ONCE upon a time, during a dreary winter in Žilina, I started reading the Oxford English Dictionary (OED). It happened to be the only book in my tiny collection, besides Finnegan's Wake, that I hadn't re-read until the cover fell off.
Dictionaries, as everyone else except me already knew, are full of good comedy. From Boetia (a city in ancient Greece renowned for the stupidity of its inhabitants) to borborygmus (the rumbling of gas in the intestines, pl. borborygmi), the OED lays it down with a comically straight face ("bullshit: [mass noun] stupid or untrue talk or writing.")
Much of that humour, unfortunately, never makes it to the Slovak-English dictionary (slovník) put out by the Slovak Academic Press in 1997. But don't be put off - just in learning the vocab you need to explore the dictionary, you will encounter a host of expressions that also apply to basic life situations.
Start with slovo (word). You can hľadať slovo v slovníku (look a word up in the dictionary) or brať niekoho za slovo (take someone at their word). You can give someone your solemn word (dať niekomu svoje čestné slovo), have the floor (mať slovo) or have the last word (mať posledné slovo). Even if you are never able to put your feelings into words (vyjadriť pocity slovami) in Slovak, by keeping your word (dodržať slovo) you will command respect that even a large vocabulary (bohatá slovná zásoba) can't buy.
It helps if you know what part of speech you're dealing with. A noun in Slovak is podstatné meno, meno also meaning a Christian name (priezvisko is surname). Podstatný is a useful word, meaning significant, essential, or relevant. The podstatná príčina is the root cause, a podstatný rozdiel a fundamental difference. This isn't stupid or untrue talk or writing; je to v podstate pravda (it's basically true).
Here's an example of a truly podstatné meno, although not one you'll find in the dictionary. On a recent trip from Bratislava to Vienna, the bus I was riding in was held up by the Austrian border guards, who decided to give one passenger a hard time about her passport. As the minutes dragged by, several older ladies at the back of the bus began shouting aggressively at the driver to leave the young woman behind, as they were in a hurry.
"Cépečkári," said the woman in the seat beside me. The word, which means something like "peasants", is derived from the abbreviation CP of the word cezpolní, "across the fields". Back when all Slovaks lived in villages separated by fields, strangers were lumped together as people who came from somewhere across the fields. For Bratislavans today, people who live in the country, or especially people who behave uncouthly, remain cépečkári, which is even better than sedlák (redneck) as a putdown.
Adjectives (prídavné meno) are also interesting, prídavné being related to the verb (sloveso) pridať, to add, as in the meaning adjectives add to whatever is fundamental in life. Pridať also means to speed up or accelerate, while pridať sa k niečomu is to join something or become an ally. Pridaj sa k nám, come and join us, was a phrase I heard often in Žilina from people in pubs who felt pity for the solitary, bearded loser hunched over his OED.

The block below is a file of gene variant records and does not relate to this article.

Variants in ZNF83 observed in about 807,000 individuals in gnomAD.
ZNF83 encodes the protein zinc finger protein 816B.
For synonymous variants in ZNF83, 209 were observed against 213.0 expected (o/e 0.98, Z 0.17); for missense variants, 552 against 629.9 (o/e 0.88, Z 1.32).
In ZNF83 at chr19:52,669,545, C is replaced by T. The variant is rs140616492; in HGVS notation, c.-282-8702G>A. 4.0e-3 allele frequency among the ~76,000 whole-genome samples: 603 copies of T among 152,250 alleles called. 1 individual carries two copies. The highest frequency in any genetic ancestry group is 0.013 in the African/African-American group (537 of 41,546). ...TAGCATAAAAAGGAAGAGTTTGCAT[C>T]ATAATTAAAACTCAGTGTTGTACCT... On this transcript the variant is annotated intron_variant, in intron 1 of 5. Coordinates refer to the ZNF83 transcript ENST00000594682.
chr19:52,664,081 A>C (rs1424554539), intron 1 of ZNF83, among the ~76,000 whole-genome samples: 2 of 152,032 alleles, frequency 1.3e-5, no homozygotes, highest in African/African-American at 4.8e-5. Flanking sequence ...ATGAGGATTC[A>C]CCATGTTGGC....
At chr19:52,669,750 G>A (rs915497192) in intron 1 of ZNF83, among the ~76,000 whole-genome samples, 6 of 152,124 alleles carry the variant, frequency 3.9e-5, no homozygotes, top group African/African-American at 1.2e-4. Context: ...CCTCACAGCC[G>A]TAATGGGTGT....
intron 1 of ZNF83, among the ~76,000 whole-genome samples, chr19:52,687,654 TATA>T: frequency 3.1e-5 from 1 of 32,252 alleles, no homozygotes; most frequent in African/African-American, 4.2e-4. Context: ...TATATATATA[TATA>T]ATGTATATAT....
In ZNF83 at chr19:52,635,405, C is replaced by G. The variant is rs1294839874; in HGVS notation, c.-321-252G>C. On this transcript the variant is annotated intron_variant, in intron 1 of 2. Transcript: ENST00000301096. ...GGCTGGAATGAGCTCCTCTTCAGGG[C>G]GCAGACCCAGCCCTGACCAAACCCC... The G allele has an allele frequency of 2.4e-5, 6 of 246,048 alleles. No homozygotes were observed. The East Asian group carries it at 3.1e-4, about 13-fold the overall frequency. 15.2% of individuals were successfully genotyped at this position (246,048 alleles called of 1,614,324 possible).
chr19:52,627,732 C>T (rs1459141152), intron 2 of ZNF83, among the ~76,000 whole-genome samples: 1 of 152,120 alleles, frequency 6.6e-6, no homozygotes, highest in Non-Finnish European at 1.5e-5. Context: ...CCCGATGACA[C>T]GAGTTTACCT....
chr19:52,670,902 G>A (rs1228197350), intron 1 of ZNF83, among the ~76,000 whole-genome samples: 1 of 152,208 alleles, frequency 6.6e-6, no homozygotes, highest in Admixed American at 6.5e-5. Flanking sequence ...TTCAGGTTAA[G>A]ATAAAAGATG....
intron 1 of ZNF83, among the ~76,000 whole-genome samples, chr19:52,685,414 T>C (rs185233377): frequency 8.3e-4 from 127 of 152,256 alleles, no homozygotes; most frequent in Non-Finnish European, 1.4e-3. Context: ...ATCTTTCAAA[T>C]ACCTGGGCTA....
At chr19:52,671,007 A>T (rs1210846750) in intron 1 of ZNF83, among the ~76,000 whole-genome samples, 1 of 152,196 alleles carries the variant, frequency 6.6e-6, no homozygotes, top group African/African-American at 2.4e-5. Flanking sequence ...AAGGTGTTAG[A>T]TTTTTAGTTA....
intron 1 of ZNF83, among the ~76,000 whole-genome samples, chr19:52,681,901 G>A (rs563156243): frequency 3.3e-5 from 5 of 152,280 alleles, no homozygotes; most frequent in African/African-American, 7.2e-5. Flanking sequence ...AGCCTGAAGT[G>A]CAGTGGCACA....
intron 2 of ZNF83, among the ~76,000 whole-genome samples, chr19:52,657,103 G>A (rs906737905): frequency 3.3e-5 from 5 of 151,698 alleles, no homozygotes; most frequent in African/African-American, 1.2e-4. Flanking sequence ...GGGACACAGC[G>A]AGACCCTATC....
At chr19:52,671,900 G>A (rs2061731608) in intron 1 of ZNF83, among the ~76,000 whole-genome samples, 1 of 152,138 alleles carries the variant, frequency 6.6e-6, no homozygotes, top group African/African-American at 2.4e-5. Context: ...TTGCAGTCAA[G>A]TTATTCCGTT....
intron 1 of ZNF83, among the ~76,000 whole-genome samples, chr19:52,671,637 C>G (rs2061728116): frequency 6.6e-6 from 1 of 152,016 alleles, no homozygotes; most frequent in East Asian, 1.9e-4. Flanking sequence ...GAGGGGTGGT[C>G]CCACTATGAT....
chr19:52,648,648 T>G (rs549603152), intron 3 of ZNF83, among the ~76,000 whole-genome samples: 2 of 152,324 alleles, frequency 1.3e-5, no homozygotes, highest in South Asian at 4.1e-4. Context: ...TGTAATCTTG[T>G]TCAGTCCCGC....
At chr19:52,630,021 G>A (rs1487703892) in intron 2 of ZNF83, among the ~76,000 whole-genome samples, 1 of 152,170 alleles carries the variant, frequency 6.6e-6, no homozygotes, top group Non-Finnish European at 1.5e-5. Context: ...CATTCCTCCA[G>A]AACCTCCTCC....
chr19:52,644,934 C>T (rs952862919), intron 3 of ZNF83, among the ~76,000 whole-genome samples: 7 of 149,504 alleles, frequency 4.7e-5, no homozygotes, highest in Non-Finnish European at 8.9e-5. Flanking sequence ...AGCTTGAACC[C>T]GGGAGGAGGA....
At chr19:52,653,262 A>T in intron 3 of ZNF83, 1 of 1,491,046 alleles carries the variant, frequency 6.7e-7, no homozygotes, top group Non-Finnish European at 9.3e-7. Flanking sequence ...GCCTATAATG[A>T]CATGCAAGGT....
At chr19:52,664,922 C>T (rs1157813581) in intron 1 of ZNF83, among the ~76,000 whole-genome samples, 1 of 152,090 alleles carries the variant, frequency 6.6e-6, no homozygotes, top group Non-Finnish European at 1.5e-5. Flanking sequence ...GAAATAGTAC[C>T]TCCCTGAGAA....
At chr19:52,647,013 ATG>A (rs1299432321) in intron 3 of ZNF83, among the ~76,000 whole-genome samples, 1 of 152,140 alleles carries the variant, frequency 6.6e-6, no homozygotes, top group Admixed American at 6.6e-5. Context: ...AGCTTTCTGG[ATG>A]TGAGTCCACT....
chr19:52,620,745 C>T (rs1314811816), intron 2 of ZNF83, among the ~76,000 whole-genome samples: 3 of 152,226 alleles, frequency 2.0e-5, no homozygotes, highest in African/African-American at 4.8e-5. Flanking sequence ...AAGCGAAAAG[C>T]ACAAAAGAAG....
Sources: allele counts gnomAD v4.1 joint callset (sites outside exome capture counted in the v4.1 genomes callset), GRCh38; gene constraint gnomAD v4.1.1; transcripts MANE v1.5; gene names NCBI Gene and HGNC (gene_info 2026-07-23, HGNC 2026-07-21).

Years later, in another pub, I heard a drunkard sneering to himself at a pair of men in suits who were sitting at a nearby table. "Vykravatovaný," was the adjective he chose, freighting it with all his resentment of their apparent wealth and sobriety. Again, not a dictionary word, but derived from kravata, a tie, and meaning something like "all gussied up" (i.e. to make oneself more attractive, especially in a showy way). As if the men's ties were the embodiment of the social gulf that separated them from the mumbling ožran (drunkard).
An adverb is a príslovka, dangerously close to príslovie, a proverb. Slovak has many beautiful proverbs, such as nešťastie nechodí po horách, ale po ľuďoch (unhappiness doesn't walk through the hills, but through people). It also has its share of dumb sayings, as President Rudolf Schuster recently reminded us in comparing the media to women: "Život s nimi je ťažký, ale bez nich nevieme byť" (can't live with 'em, can't live without 'em). Perhaps it was an example of the president's proverbial humour (jeho príslovečný humor), or the proverbial simplicity (príslovečná prostosť) of his speech. Beware of that prostosť, by the way; it's dangerously close to sprostosť, or stupidity, and is often hard to tell apart.
In the end, much of what you'll be doing with the Slovak-English dictionary is looking for meaning (význam), asking yourself, "Čo to znamená?", what does that mean? Nemá to význam (it means nothing, makes no sense, has no importance) is what many Slovaks are saying these days, but don't let that come between you and your slovník. Vzdelanosť sa chváli sama (education is its own reward), and may even afford you a few laughs.
Better than Finnegan's Wake, at any rate.
Slovak Matters is a regular column devoted to helping expats and foreigners understand the beautiful but difficult Slovak language.
3. Feb 2003 at 0:00 | Tom Nicholson